Mark Hix shares his own family recipe for this classic dessert  

It’s always a joy to use recipes handed down from one generation to another. Often handwritten on a dog-eared postcard or in a food-stained notebook, these should be treasured family heirlooms. This is a recipe from my own family vaults, and it’s on the dessert menu at The Oyster & Fish House in Lyme Regis. It’s one of my Gran’s recipes. Heaven knows where it came from because. from what I can recall, she only owned one cookbook - a ration cookbook of wartime recipes, and this is certainly no ration cookbook apple pie! It may seem a bit odd having double cream in the pastry, rather than pouring it over the finished pie, but this is what makes the pastry taste amazing. My Gran’s fridge was never without a pot of cream, and I must say it makes the sweetest pie pastry. 

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Great British Life: Grandma's apple pie served with custardGrandma's apple pie served with custard (Image: Matt Austin)

Grandma’s apple pie 

Serves 4 

For the pastry 

110g soft butter 

135g caster sugar 

225g strong flour 

½ tsp baking powder 

pinch of salt 

125ml double cream 

1 egg, beaten to glaze 


For the filling 

4 dessert apples, peeled, cored and roughly chopped 

4 large Bramley apples, peeled, cored and roughly chopped 

50g caster sugar 

good knob of butter 

Method: First, make the pastry. Mix the butter and sugar, sieve the baking powder and flour together into a large bowl, add the salt and rub the butter mix in to the dry mix until it resembles bread crumbs; then slowly pour in the cream to make into a dough. Chill the dough in the fridge for about 30 minutes.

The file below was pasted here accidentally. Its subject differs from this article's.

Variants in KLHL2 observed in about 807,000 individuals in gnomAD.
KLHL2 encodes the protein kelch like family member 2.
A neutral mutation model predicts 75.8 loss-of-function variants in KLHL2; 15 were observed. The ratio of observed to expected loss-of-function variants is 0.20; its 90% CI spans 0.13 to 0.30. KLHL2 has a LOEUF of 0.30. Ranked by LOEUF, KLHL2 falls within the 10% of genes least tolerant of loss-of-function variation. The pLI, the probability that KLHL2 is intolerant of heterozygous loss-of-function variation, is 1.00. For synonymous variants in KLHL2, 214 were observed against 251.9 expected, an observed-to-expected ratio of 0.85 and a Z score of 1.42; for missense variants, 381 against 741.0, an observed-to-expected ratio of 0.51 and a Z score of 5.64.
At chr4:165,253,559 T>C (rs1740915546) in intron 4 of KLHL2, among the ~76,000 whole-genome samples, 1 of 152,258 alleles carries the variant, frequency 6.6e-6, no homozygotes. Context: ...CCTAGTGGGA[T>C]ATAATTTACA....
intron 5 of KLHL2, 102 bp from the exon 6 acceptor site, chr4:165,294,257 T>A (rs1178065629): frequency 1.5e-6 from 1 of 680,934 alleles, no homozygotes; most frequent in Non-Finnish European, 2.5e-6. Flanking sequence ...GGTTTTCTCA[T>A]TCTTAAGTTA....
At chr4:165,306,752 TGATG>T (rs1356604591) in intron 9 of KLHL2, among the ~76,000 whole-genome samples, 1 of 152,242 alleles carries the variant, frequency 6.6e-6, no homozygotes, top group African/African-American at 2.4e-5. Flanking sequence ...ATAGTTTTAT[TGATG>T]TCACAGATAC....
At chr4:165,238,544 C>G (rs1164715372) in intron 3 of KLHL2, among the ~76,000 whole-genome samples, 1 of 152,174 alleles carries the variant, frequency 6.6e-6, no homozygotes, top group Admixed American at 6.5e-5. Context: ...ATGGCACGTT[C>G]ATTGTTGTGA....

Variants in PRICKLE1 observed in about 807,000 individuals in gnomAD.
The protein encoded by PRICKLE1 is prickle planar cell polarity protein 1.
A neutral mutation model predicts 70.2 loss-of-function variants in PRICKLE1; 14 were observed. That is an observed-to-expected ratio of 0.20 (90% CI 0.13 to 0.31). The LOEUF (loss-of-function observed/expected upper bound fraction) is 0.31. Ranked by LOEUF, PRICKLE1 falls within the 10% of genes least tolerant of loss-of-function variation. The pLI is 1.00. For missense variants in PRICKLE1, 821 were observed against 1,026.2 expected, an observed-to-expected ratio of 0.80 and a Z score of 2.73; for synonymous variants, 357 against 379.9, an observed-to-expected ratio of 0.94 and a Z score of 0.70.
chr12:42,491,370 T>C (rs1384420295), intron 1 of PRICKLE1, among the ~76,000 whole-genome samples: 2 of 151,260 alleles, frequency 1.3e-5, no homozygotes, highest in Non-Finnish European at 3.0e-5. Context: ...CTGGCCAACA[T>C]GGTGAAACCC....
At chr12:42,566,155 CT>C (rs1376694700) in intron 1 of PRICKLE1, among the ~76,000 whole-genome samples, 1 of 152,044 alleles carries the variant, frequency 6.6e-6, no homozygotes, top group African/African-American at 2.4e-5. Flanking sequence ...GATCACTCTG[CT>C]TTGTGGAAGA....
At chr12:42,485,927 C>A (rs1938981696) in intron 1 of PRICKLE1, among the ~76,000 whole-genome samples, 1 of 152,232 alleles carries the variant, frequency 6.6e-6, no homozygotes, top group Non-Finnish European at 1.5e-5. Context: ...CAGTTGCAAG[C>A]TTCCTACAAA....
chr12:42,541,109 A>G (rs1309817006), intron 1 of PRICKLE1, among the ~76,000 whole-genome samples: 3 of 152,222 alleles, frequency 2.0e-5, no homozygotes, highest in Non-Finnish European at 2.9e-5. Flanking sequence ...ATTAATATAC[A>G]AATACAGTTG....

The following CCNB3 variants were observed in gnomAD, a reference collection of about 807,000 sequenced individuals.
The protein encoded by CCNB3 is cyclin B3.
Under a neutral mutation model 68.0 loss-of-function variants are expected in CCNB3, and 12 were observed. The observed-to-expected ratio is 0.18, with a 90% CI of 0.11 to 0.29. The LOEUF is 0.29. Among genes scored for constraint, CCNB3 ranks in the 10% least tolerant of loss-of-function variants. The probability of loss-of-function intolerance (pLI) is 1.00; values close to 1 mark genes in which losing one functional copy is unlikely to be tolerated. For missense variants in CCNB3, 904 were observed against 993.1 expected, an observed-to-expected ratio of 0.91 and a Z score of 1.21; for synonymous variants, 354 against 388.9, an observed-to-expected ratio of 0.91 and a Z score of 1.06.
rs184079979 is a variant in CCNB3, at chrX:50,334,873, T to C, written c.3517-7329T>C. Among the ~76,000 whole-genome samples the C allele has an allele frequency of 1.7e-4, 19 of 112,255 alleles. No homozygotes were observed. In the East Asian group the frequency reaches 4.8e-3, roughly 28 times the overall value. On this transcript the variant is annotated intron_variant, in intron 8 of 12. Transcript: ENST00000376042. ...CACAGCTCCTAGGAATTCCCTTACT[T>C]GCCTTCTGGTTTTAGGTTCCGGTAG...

Meanwhile, put the apples in a pan with the butter, sugar and a tablespoon of water, cook on a very low heat with a lid on for about 6-7 minutes until they are beginning to break down. Remove from heat, taste for sweetness, stir in more sugar if necessary. 

Roll the pastry out on a floured surface to about 3-4cm thick. Cut four discs large enough to line 10cm x 3cm deep, individual tart tins. Cut four more discs to fit the tops. Lightly grease the tart tins with butter, line with the larger disc of pastry to just above the top of the tin. Leave to rest for 30 minutes in the fridge. 

Preheat the oven to 200°C/gas mark 6. Remove the pastry cases from the fridge, spoon the cold apple mixture to the top of the pies, not putting in too much of the liquid. Brush the edges with the beaten egg then lay the second disc over the top, sealing the edges together with your fingers. 

Brush the tops with more beaten egg, make a small slit with a knife in the centre to let the steam escape, then bake the pies on a tray for 20-25 minutes until golden. Turn the oven down a little if they begin to colour too much. Leave to rest for about 15 minutes before turning out of the tins, then serve with clotted cream, crème fraîche, custard or ice-cream. 

READ MORE: Recipe: How to make Dorset Apple Cake